Mary Ellen Mark, camera at the ready, chronicles the human condition
2 January 2000
By John Clark
Photographs by Mary Ellen Mark
ROPES YOU IN
Photographer Mary Ellen Mark and her 1991 shot of Arles Pearce at a Texas rodeo.
(not pictured, photograph by Thomas Monaster)
GIRLS ON FILM
Katy and Ema in Cornwall, Conn., 1987 (above); two youngsters in Coney Island, 1983 (top).
SLEEPLESS IN THE SOUTHWEST
Young Nestor in Mission, Texas, 1990.
Most people know Mary Ellen Mark, if they know her at all, as a celebrity photographer for Rolling Stone, Vogue, The New Yorker and Life.
But what's closest to her heart is the exact opposite of the cosmeticized, digitally altered, surgically enhanced images that often pass for celebrity portraiture these days. Mark loves real life. She loves the unloved, the unwashed, the undernourished, no matter how untidy or difficult the images may be.
"I love the idea of taking strong pictures, touching people, showing the lives of people who aren't as fortunate as we are, because I think it's important for people to care about them," Mark says.
This sensibility is now on display in a new book, "Mary Ellen Mark: American Odyssey" (Aperture, $50), a kind of "best of" culled from 35 years of her work in America. Among its subjects: children (lots of them), members of the National Association to Advance Fat Acceptance, mental patients, Ku Klux Klansmen, anti-abortionists, skinheads, the elderly, swinging couples, leprosy and cancer patients, the homeless, transvestites, jailbirds, lovers, dogs and cats, hobbyists of one sort or another, and Santa on his lunch break smoking a cigarette.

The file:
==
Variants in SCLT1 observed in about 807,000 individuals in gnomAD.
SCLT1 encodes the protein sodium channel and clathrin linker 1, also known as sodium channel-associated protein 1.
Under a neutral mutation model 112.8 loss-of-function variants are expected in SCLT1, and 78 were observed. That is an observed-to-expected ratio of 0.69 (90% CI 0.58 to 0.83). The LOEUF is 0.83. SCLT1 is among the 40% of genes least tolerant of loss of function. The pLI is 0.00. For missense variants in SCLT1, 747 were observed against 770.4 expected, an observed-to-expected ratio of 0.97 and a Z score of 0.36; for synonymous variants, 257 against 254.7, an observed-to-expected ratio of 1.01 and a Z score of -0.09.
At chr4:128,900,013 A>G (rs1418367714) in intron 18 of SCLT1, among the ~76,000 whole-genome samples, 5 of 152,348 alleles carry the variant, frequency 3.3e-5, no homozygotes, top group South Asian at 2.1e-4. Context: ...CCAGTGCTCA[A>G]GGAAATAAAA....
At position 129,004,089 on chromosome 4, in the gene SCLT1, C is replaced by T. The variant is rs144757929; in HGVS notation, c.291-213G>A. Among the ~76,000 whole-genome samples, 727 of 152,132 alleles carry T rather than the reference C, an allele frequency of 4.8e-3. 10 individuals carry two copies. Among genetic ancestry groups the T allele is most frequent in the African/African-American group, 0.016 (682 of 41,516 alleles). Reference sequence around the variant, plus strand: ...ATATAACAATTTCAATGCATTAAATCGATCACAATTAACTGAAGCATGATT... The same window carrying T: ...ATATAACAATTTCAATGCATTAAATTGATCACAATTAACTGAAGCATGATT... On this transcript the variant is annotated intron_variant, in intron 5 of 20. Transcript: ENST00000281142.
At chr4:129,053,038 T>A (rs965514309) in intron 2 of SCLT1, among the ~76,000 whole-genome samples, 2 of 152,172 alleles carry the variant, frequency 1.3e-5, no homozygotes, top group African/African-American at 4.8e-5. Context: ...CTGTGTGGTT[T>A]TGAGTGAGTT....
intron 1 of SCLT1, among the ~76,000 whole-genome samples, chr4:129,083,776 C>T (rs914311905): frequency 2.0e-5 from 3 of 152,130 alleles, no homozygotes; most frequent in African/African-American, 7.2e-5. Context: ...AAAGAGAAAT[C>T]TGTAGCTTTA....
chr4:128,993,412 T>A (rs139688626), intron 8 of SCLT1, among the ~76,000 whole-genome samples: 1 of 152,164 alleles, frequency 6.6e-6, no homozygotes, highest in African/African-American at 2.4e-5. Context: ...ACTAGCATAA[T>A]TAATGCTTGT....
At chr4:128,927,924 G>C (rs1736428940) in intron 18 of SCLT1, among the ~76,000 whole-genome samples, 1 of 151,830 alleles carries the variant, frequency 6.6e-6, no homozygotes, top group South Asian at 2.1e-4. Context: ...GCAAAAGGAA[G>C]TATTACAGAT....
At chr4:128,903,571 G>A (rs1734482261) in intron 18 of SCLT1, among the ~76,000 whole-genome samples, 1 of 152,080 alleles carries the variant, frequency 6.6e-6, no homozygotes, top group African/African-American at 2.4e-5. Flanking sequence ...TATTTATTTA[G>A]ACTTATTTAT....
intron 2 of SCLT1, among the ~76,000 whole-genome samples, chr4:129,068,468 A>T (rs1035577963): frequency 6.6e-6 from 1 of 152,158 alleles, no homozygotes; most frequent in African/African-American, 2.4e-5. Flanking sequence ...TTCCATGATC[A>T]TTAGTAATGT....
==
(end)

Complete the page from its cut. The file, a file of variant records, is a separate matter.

A closer look at these images reveals the flotsam and jetsam of everyday life, the unmade beds, the sinkful of dishes, the half-empty cereal boxes and soda bottles. In one picture, an open refrigerator contains not only eggs but also sneakers and toilet paper. In another, a night stand displays a Christ figurine, a signet ring and a hash pipe. There are many, many bad haircuts.
If all this sounds relentlessly bleak or, worse, exploitative and condescending, it is not. Though Mark admits she has a point of view, the photos, even of the Klansmen, are nonjudgmental.
A SLICE OF AMERICA
Many of these people are cast to the margin by their age, ethnicity, economic status, sexual preference or their obsessions, but somehow they're muddling through. This, she says, is just as much America as the diet of images we normally consume.
"I don't think that people are that used to seeing pictures like this anymore," Mark says. "Reality is something that's exotic. We're basically seeing more fantasy in magazines, the fantasy of beautiful girls and beautiful clothes. But that hard‑core reality of what life is is not as often seen, these days."
There is something '60s about Mark. She looks the part, wearing her long dark hair in pigtails, and with miles of bracelets on each arm. She refuses to give her age, though a guess would put her in her 50s -- "Age isn't important," she says, eager to move on.
She was raised in Philadelphia, went to the University of Pennsylvania and then attended the Annenberg School for Communication. She started out as a painter, but once she went out on the streets with a camera, she was hooked. Over the years, New York has provided fertile territory--with Coney Island a special magnet, along with the city's homeless shelters.
In the '70s, Mark produced a book on a mental institution (which was introduced to her when she documented the filming of "One Flew Over the Cuckoo's Nest") and another on circuses in India. She's published 11 books in all.
Yet all is not well for the serious photographer, even for one who has been around as long as Mark. People have become more media-savvy, and have lost a little of their innocence as camera subjects. And a publishing industry that used to subsidize her passion for documentary photography is now reluctant to do so.
"I love taking pictures, so in order to continue to be a photographer, you have to adapt to the times and you have to learn how to work with what the system is today," she says. "But I'll never give up doing documentary photography. It's where my heart is." •